ANCIENT HISTORY
Guided Reading
2.3 the Legacy of
Mesopotamia
As you read, fill in the table with
information about Mesopotamian
civilization.
I deleted directions in order to
make the boxes bigger … you’re
going to need that.
Main Idea A
The rules set down by Hammurabi were an
important step in the development of
civilization in Mesopotamia.
1.
2.
Main Idea B
Writing was one of the major breakthroughs
for the civilization of Mesopotamia.
3.
4.
Main Idea A
The rules set down by Hammurabi were an
important step in the development of
civilization in Mesopotamia.
1. Rules were
written down for
everyone in the
empire to follow.
Main Idea A
The rules set down by Hammurabi were an
important step in the development of
civilization in Mesopotamia.
2. Hammurabi’s Code
was based on the idea of
“an eye for an eye.” It
did not apply equally to
all people.
Main Idea B
Writing was one of the major breakthroughs for
the civilization of Mesopotamia.
3. Writing developed in
Mesopotamia. Sumerians
kept records such as sales,
tax payments, gifts for
gods, marriage and death.
Main Idea B
Writing was one of the major breakthroughs for
the civilization of Mesopotamia.
4. Scribes used a clay writing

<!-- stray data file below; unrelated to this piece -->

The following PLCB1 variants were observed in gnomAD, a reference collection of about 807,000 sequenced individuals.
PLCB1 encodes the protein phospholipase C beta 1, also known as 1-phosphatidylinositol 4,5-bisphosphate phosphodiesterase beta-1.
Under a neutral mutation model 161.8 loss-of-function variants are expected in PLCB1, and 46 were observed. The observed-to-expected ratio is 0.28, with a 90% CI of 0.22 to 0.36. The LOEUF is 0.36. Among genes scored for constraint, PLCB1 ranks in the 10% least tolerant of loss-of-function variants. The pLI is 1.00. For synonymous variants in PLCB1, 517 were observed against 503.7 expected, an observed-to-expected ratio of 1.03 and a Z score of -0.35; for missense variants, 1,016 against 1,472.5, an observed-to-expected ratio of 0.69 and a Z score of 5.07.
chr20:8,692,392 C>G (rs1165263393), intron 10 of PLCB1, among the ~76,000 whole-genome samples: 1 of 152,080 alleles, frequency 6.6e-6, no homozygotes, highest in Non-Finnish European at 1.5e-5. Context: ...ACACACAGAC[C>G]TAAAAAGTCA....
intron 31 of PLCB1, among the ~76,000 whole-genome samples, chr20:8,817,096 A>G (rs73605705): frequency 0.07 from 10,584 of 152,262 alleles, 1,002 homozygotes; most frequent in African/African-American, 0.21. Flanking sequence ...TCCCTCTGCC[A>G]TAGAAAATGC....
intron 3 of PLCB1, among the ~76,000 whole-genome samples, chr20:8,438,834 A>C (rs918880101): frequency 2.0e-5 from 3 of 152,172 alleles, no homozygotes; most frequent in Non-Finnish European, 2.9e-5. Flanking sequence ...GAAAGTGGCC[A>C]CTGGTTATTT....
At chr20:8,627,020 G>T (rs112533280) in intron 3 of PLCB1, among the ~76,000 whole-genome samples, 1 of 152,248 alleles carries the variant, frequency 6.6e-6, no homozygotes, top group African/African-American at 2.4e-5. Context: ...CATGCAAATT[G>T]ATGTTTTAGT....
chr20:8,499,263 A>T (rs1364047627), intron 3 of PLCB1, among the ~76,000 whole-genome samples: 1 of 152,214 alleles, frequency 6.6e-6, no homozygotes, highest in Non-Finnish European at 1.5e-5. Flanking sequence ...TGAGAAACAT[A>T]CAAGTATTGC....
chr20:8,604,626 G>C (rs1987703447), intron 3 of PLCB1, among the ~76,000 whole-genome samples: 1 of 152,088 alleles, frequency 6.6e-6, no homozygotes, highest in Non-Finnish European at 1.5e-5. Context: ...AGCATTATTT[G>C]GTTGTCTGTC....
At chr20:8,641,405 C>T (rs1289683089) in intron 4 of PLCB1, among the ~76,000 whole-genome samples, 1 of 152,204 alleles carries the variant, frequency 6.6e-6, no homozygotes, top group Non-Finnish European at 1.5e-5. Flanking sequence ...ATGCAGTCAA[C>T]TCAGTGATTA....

surface and sharp tools.
When the clay dried, it left an
almost permanent record.
Historians study the writing,
archeologists study the clay.
Main Idea A -- Rules
1. 282 laws about trade, labor, property, and
family, practicing medicine and
controlling animals … and punishment
2. not applied equally to all
3. “an eye for an eye” only if noble was
victim
4. a person who accidentally broke a law
was just as guilty as someone did so
purposefully
5. the laws were written down for everyone
6. they were posted in every town
Main Idea B -- Writing
1. used to keep records such as sales
2. there were Scribes (writers and record
keepers)
3. Scribes were greatly respected
4. writing was used for sales, trades, tax
payments, gifts for gods, marriages, deaths
5. the gov’t used scribes to figure out
requirements for military and building
projects
6. by using clay, there was a nearly permanent
record
7. the writing was called cuneiform
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ANCIENT HISTORY: Guided Reading 1.3 The Beginnings of Human